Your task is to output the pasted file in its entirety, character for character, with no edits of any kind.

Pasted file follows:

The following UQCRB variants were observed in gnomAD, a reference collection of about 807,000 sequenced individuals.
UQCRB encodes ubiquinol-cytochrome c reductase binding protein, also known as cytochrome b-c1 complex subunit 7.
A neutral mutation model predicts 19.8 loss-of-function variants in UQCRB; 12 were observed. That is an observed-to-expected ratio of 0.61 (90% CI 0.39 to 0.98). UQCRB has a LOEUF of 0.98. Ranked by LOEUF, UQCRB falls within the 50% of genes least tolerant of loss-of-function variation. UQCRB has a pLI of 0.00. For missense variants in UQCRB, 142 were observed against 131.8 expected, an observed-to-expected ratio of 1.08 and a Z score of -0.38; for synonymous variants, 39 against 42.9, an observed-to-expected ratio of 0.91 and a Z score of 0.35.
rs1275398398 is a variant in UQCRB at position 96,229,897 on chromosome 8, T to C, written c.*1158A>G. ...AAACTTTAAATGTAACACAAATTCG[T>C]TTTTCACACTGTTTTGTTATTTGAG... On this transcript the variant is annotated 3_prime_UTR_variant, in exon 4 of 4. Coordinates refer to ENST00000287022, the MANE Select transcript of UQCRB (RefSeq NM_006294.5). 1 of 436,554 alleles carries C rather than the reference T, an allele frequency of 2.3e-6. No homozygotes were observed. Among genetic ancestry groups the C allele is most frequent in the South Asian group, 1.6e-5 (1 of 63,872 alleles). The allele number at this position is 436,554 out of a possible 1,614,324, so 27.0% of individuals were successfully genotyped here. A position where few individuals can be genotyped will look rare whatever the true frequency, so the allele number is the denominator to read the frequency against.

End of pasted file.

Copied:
The following UQCRB variants were observed in gnomAD, a reference collection of about 807,000 sequenced individuals.
UQCRB encodes ubiquinol-cytochrome c reductase binding protein, also known as cytochrome b-c1 complex subunit 7.
A neutral mutation model predicts 19.8 loss-of-function variants in UQCRB; 12 were observed. That is an observed-to-expected ratio of 0.61 (90% CI 0.39 to 0.98). UQCRB has a LOEUF of 0.98. Ranked by LOEUF, UQCRB falls within the 50% of genes least tolerant of loss-of-function variation. UQCRB has a pLI of 0.00. For missense variants in UQCRB, 142 were observed against 131.8 expected, an observed-to-expected ratio of 1.08 and a Z score of -0.38; for synonymous variants, 39 against 42.9, an observed-to-expected ratio of 0.91 and a Z score of 0.35.
rs1275398398 is a variant in UQCRB at position 96,229,897 on chromosome 8, T to C, written c.*1158A>G. ...AAACTTTAAATGTAACACAAATTCG[T>C]TTTTCACACTGTTTTGTTATTTGAG... On this transcript the variant is annotated 3_prime_UTR_variant, in exon 4 of 4. Coordinates refer to ENST00000287022, the MANE Select transcript of UQCRB (RefSeq NM_006294.5). 1 of 436,554 alleles carries C rather than the reference T, an allele frequency of 2.3e-6. No homozygotes were observed. Among genetic ancestry groups the C allele is most frequent in the South Asian group, 1.6e-5 (1 of 63,872 alleles). The allele number at this position is 436,554 out of a possible 1,614,324, so 27.0% of individuals were successfully genotyped here. A position where few individuals can be genotyped will look rare whatever the true frequency, so the allele number is the denominator to read the frequency against.